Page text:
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The View From The Courthouse Tower

26 August 1881
New Castle Courier

   From its very foundation New Castle has been a thriving, growing town. Surrounded by a splendid country settled by thrifty pioneers, the town has always kept pace with the improvements and developments about it, and by reason of being the county seat, has had much wealth concentrated within its corporate limits. There has existed too, for various good reasons, much local pride, which has resulted in the erection of many handsome buildings, public and private, until we have been able to assert without fear of successful contradictions that New Castle stood without a rival as a well built beautiful town. Up to this year our progress has been simply what local advantages permitted. But now, New Castle seems to have been "struck" and is beginning to feel the impulse of a "boom," an impulse that all classes appear to understand and appreciate, which we are sure may, and sincerely hope will be made to work greatly to the advantage of the town and every resident thereof. The Courier no longer feels the need of "bragging" merely, but is quite satisfied to present the cold facts, that "he who runs may read" and judge for themselves.
   A few days since a Courier representative sought the top of the courthouse tower, as a convenient point for observation and information. The view of the surrounding country is a delightful one, and no visitor should be permitted to come and go without the memory of such a sight. As far as the eye can reach, up and down the valley, north and south, and out upon the hills and rolling lands to the east and west, beautifully landscapes are unfolded to view. Splendid farms and cozy looking homes are seen everywhere, and below is the town, its streets thronged with busy people, teams, wagons and other vehicles. The observer who looked down from the courthouse tower a year ago and remembered what he saw, will be struck by the change in scenery. Then an air of quietness reigned, today all is hustle and bustle. Then, few roofs glistened in the sunshine. Today they are seen on every hand, and the noise of the hammer and the clink of the trowel make welcome music. More, straight south, cuts and fills and the dull iron track mark the course of the New Castle and Rushville Railroad, and over to the north and west the winding grade of the I. B. & W. extension, literally alive with men and beast, tells plainly that we are soon to hear the whistle of the iron horse over there. I tell you, the fellow that does not believe that New Castle is "booming" needs to be coaxed to the top of the tower. It will pay anyone to go there and let his eyes behold the change being wrought. Our reporter noted down the evidence of material prosperity as he saw them, and descended and mounted a horse and rode over the town interviewing property owners, builders and others, to ascertain the estimated cost of the improvements. He took account only of buildings completed in the year and actually in the process of construction at the present time. He was pointed to scores of lots where owners propose putting up homes before cold weather sets in, or as soon as carpenters can be bought or hired.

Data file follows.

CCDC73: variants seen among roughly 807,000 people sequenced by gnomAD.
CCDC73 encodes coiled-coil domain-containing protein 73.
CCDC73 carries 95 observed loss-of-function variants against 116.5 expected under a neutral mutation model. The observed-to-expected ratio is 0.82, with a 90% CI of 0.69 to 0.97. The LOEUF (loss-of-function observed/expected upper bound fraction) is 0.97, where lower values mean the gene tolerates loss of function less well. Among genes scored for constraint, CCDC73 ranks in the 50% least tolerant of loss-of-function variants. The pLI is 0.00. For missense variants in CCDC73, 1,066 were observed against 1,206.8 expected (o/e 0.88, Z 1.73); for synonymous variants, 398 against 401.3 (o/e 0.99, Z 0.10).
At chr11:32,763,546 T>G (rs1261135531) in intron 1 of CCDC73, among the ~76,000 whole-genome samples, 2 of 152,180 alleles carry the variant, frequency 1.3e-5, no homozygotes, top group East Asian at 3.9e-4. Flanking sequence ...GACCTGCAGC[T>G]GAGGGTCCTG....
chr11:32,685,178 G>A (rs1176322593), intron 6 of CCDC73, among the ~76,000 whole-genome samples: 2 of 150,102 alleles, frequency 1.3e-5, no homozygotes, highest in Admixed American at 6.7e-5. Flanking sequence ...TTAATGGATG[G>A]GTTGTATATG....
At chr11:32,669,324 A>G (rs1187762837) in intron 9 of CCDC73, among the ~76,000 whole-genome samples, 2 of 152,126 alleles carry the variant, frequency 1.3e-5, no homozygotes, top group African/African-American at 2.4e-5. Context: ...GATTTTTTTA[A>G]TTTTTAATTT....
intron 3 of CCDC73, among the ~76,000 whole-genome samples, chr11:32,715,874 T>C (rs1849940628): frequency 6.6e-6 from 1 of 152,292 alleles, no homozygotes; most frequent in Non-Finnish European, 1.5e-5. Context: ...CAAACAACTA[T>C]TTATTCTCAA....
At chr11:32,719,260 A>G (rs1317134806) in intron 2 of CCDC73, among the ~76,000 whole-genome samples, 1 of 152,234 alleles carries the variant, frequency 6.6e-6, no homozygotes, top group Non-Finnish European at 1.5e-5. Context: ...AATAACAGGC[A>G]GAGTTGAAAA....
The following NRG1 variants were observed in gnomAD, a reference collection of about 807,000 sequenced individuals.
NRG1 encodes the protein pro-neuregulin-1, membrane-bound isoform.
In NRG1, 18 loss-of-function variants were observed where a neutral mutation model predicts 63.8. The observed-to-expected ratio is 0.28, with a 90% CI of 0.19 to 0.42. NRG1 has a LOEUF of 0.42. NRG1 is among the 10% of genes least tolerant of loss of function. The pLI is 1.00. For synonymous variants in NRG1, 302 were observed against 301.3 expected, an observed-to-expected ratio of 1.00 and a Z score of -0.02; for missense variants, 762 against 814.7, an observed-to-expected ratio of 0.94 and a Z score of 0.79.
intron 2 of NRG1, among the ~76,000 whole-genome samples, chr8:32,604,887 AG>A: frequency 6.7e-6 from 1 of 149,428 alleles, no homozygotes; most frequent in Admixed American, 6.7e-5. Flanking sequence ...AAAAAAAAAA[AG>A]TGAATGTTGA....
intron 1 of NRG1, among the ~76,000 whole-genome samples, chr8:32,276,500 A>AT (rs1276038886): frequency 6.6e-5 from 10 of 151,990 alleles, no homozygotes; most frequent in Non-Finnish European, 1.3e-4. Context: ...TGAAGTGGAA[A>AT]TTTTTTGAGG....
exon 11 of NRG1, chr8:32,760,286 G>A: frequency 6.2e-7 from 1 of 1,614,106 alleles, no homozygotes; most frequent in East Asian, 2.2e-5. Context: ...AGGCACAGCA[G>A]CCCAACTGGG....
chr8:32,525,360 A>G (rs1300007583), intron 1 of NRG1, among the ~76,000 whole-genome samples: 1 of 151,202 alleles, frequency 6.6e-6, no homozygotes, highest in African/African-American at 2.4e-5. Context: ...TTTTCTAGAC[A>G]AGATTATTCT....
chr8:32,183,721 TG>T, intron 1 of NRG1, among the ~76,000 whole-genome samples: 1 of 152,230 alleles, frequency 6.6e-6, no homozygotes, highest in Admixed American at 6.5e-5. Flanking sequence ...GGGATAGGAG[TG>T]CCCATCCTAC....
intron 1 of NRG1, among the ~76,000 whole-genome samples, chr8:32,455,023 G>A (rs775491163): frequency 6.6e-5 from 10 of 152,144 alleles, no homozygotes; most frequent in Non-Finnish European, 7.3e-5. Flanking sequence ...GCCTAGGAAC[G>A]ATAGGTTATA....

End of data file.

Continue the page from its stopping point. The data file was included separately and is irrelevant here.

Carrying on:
Sixty-two buildings completed, being constructed or improved, the total cost amounting to $84,000. We are aware that these figures would not sound big for Chicago, New York or London, but we do know that it is a handsome showing for New Castle, and we would like to see the county seat, with the same population, that can beat them. We doubt not that many of our own citizens will be surprised; but here are the facts, and we are downright glad to be able to present them. Before this season closes there will be many more buildings erected, and we dare to guess that $100,000.00 would not cover this years investment in that line. New Castle is on the "BOOM." Let every man put his shoulder to the wheel and keep her rolling.
Remember now; this is 1881, not 2004. What happens now? Where do we go from here?

UEB 2004

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